29 August 2014

My Day with Brave New Voices

Image via Youth Speaks.

Earlier this summer, fifty-five teams competed at this year's Brave New Voices festival, hosted by Philadelphia.

Brave New Voices (BNV) is an international poetry slam, and the competition is centred around young people, their potential, and their abilities.

It was the first poetry slam I ever attended, even though I've been fascinated with poetry for the past five years. And, it was so much funIf I felt like I could handle the commitment in addition to all of my other responsibilities, I would be far more willing to form a team on my own.

I watched two different slams on Friday, July 18th, with four of my best friends. Unfortunately, members of the audience weren't permitted to take photos or videos of the performances. (Sorry about that.) Luckily, though, you can watch BNV's coverage of the event here.


BNV '14

This year's teams were from North America and Bermuda. Each slam was composed of five teams.

The first slam I attended was from 12:30 to 14:30 at a venue named Underground Arts. I honestly forget where the second slam was held, but it lasted from 15:00 to 17:00.

You can visit Underground Arts's website here.
Image via OCF Realty.

The two slams I watched featured teams from San Francisco, Chapel Hill, Bermuda, Richmond, Toronto, and Flint. There were four other teams, but I can't recall where they were from.

It's a matter of subject.

Some people, including a couple of my friends, described the subject matter of the poetry as dark or depressing. I would rather describe the poems as genuine, realistic, or straightforward. Sure, the poems sorted through difficult concepts, but I really appreciated how directly and honestly they were written. They exposed the true emotions and dangers of each topic that was introduced.

Speaking of which, it was emotional. Really emotional. A lot of competitors took more time to recite their poetry because of how hard it was to do. They would cry or turn away from the audience because of how challenging it was to finish performing a particularly personal piece.

But the best part was how the audience reacted. If a performer's poem was relatable and sincere, they would snap their fingers or say "Mm." A painful poem, like one that explored the topics of abuse or neglect, might receive an "Ooh." Often, if a performer paused mid-poem to cry or gather themselves, the audience would patiently offer support by rubbing their hands and then holding both out with the palms facing the stage. (If that's a confusing picture, imagine rubbing your palms together and holding them out over a fire to warm them. It was basically the same motion.)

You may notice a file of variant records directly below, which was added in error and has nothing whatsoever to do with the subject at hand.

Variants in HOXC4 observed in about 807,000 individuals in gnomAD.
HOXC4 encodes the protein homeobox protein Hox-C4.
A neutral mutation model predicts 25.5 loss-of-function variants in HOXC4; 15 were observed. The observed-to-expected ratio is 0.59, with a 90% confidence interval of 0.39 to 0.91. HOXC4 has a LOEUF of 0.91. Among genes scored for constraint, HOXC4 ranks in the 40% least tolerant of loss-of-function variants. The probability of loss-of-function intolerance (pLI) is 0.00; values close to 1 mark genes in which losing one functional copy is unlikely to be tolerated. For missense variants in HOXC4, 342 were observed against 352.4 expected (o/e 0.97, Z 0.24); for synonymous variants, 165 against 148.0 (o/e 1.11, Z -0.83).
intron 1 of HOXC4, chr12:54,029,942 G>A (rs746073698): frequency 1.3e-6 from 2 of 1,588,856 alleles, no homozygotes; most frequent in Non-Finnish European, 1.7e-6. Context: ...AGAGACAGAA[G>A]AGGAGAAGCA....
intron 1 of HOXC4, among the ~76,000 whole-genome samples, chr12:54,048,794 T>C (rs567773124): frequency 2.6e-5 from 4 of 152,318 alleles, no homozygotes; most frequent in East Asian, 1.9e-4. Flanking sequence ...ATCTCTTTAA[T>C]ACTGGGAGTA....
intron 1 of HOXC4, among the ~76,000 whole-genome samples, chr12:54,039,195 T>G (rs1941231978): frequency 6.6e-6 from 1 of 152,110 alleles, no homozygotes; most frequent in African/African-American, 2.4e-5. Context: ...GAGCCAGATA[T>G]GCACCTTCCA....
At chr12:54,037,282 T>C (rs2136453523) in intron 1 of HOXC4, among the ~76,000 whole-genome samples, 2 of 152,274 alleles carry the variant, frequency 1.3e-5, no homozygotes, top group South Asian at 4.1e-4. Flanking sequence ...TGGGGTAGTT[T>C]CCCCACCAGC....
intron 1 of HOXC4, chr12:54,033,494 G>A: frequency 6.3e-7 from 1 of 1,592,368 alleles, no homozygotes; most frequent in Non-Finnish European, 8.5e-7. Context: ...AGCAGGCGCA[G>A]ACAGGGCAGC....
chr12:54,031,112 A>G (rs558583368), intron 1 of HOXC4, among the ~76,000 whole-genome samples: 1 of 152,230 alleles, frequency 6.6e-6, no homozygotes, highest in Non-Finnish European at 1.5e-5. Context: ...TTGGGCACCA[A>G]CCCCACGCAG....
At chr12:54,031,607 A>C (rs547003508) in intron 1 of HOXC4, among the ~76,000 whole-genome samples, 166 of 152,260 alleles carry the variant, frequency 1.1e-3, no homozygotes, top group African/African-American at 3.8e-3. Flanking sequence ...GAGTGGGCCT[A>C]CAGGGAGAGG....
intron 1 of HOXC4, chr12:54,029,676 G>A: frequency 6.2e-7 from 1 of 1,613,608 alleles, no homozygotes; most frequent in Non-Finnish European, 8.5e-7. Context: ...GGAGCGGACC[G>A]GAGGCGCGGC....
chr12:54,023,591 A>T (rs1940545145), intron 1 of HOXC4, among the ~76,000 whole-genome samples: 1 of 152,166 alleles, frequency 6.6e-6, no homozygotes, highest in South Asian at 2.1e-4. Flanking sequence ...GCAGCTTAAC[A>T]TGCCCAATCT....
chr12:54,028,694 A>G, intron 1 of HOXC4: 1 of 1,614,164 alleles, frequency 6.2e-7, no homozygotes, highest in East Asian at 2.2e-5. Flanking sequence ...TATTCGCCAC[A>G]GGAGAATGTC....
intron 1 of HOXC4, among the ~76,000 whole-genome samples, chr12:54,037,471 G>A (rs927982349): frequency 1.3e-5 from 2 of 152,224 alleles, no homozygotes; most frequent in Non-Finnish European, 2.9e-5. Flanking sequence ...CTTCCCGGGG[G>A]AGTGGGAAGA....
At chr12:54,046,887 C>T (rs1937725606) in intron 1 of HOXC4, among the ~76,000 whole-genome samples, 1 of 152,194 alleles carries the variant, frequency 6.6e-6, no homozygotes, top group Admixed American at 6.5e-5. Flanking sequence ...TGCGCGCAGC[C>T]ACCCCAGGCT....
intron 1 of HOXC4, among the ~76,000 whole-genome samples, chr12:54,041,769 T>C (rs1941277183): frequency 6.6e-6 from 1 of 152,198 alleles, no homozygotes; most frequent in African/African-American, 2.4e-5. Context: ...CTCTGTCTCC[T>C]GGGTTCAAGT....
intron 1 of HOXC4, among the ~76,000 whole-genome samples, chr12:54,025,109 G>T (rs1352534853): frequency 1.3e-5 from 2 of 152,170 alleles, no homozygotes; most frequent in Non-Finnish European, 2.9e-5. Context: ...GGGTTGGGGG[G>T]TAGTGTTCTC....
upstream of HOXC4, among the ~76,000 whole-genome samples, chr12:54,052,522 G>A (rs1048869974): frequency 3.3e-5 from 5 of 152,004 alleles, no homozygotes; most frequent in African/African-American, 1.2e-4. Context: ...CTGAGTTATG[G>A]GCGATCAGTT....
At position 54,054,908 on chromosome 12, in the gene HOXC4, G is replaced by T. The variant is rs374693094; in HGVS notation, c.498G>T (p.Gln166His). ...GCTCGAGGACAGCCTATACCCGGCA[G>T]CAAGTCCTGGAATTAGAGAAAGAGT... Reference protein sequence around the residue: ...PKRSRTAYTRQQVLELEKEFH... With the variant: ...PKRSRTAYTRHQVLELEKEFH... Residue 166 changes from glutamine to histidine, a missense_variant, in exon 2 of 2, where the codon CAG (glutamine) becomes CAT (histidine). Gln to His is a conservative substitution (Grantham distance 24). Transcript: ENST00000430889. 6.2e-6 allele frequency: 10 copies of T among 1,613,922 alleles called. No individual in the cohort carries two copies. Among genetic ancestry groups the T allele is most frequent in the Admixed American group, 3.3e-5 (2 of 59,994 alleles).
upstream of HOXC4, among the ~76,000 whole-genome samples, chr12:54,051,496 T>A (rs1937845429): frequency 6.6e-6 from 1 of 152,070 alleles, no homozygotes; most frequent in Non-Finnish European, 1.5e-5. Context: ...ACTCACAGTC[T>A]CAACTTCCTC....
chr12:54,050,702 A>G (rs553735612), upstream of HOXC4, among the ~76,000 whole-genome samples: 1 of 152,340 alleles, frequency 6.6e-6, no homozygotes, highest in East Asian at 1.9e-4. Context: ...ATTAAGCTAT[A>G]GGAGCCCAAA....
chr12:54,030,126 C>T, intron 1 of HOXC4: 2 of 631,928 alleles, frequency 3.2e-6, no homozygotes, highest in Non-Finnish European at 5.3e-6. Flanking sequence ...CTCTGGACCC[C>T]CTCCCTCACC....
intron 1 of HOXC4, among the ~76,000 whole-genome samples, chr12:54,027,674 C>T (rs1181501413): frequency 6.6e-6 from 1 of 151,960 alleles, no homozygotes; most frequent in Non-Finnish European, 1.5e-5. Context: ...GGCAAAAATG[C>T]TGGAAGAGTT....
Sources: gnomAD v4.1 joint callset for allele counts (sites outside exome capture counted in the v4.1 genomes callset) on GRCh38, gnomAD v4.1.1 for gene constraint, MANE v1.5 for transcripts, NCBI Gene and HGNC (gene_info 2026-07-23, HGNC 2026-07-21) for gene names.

Other topics that the poems focused on include mental illness, sexuality and LGBT issues, self-harm, divorce, death of a loved one, bullying, self-acceptance, and feminism.

Not all poems were dismal. A lot were very funny, with extremely hilarious content that earned the performers a standing ovation (whoops and cheers and applause included).


Other aspects:

The coordinator of the first slam frequently expressed his mantra of "F*ck censorship" in between poems (especially following a performance that used a lot of swear words). He would say it into the microphone and then the teammates and audience members would echo it to him. This man also ended the slam by spontaneously performing a spoken word poem about his father, which was a special treat for us.

Not to mention, this man is the same one who forced every team and audience member to participate in a "30-second dance party" about halfway through the slam. It was fun.

Before each slam, a person who wasn't affiliated with any of the teams recited a poem that was to be used throughout the slam as a "standard" for the judges to use against each teammate's poem. In the second slam, the poem was about the performer's Mexican heritage and his childhood in Arizona.

If somebody performed a difficult poem that left him or her crying and breathless, typically his or her teammates would greet him or her at the side of the stage, have a big and tearful group hug, and then return together to their seats.

As each slam progressed I could definitely sense how close-knit each team truly was. These people were families. They cared for and supported one another, and taught each other the value of one another.

The best part is the way that teams support other teams, too. The Toronto team was a prime example: before almost every poet, they would holler, "Let's go [performer's city's name], let's go!" and then they would clap or stomp three times. Before long, the other teams would begin to do this of their own accord, without having to join in with Toronto first.

Another of my favourite aspects of BNV was the "poetry terminology" that these competitors used. It was a dialect of its own -- kind of like a jargon. For instance, when a performer approached the stage, members of the audience (as well as poets who were and were not a teammate of the performer) would give encouragement. My favourite one was when these people would call out to the performer, "Don't be nice!" to tell him or her to show emotion (anger, despair, frustration) and to be as brutally honest as possible.

My experience with BNV was unforgettable. Next time the festival is hosted close to home, I'll try to attend.

Visit Brave New Voice's website here.
Visit Youth Speaks's website here.

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